New technologies and IT-infrastructures arriving more and more rapidly. Is our legislation to slow or the development to fast and how do you prepare your students for the practice according to this?
Prof. Joseph A. Tomain: Law will always lag behind technological development. One way I help prepare my students is to emphasize the importance of both the theoretical and practical aspects of law. One example I use is the collaboration between attorney Carrie Goldberg and law professors Danielle Citron and Mary Anne Franks in the development and passage of Non-Consensual Pornography laws. These individuals, along with others, worked together to have Non-Consensual Pornography laws passed in almost all the 50 states in the U.S. This is just one example of research and practice coming together to help the law develop to face new challenges resulting from technological development.
Artificial Intelligence – Our final invention. What is your opinion about this phrase according cybersecurity?
Prof. Joseph A. Tomain: One of my favorite quotes comes from the Contracts casebook that I used as a law student and require my current 1Ls to read. The preface concludes: "No study of law is adequate if it loses sight of the fact that law operates first and last for, upon, and through individual human beings." Like all technology, AI can be used for beneficient and malicious purposes. Certainly, AI raises some unique challenges because of the nature of AI, but it also raises the same or similar concerns with all technology.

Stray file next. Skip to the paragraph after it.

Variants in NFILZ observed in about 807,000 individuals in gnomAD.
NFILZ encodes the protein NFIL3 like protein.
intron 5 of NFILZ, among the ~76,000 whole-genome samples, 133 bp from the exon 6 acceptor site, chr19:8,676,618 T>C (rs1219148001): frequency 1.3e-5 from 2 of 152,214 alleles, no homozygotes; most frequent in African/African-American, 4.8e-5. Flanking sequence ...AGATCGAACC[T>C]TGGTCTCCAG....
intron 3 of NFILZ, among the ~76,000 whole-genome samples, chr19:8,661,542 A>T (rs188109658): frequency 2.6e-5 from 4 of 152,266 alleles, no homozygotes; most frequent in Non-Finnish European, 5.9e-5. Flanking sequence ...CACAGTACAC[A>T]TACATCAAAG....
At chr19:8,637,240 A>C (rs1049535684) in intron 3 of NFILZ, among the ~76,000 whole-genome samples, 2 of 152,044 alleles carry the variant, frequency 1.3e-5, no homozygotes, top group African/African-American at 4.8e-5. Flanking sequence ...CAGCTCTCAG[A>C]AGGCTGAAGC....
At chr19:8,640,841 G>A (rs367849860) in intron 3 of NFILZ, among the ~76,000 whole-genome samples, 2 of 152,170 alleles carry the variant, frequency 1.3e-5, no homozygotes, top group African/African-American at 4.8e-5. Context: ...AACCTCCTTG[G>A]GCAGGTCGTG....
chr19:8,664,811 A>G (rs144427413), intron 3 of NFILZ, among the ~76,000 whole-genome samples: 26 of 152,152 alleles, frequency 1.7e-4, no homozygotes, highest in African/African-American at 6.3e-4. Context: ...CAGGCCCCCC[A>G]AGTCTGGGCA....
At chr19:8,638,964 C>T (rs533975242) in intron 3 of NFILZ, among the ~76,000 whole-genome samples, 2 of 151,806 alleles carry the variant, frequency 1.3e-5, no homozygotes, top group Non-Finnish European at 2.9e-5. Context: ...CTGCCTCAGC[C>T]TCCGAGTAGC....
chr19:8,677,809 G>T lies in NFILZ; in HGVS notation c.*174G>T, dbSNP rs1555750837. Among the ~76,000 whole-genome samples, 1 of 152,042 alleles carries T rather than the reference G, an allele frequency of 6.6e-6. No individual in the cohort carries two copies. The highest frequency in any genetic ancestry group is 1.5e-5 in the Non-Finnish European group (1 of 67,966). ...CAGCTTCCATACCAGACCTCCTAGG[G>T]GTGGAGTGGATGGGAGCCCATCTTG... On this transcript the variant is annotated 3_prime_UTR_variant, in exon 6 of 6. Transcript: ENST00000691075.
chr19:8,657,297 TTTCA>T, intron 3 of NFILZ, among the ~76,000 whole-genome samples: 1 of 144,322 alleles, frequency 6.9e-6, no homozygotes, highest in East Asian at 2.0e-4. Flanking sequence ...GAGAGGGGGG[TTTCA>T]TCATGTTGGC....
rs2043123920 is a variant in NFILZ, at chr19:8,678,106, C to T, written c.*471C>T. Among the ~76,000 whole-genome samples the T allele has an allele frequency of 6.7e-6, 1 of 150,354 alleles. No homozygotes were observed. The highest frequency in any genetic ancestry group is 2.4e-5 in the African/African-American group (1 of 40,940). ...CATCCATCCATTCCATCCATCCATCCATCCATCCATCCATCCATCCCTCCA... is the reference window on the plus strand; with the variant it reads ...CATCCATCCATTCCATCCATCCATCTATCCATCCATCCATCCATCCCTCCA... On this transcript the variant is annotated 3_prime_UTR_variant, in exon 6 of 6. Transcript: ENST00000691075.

Ultimately, our focus should be on whether it serves individual human beings. If not, then the law could play a role in limiting uses that could be used to harm actual, living, human beings.
How are your curriculums included inside the LL.M. program?
Prof. Joseph A. Tomain: There are multiple options. Students can specialize in cybesecurity or information privacy. They can specialize in other areas of law as well. Or, they can take a general approach and select courses from across the substantive law spectrum. One of the beauties of Maurer's LL.M programs is in its flexibility. Director Goodwin, myself, and others are always happy to have conversations with individuals about their particular interests and how Maurer can help them achieve their specifc goals.
Compared to other law schools, what is the most outstanding feature of Indiana University to choose for LL.M.?
Prof. Joseph A. Tomain: The flexibility in the curriculum. The faculty and the staff. The diversity of the the student population. The chance to live in lovely Bloomington, Indiana.
Is there an example for a success story started with your program you would tell us?
Prof. Joseph A. Tomain: I have literally never heard any student express regret about choosing Maurer School of Law for their LL.M program. Moreover, I have had many students tell me how much they have enjoyed their legal education at Maurer and living in Bloomington.
Is there a last advice you want to give to our readers who are not sure if they want to choose this program?
Prof. Joseph A. Tomain: My general advice is that people should do what they love. If you are interested in information privacy law or cybersecurity, Maurer School of Law and Indiana University generally are leaders in the field. At the very least, I encourage folks to give Maurer School of Law serious consideration. Finally, I am happy to answer any questions.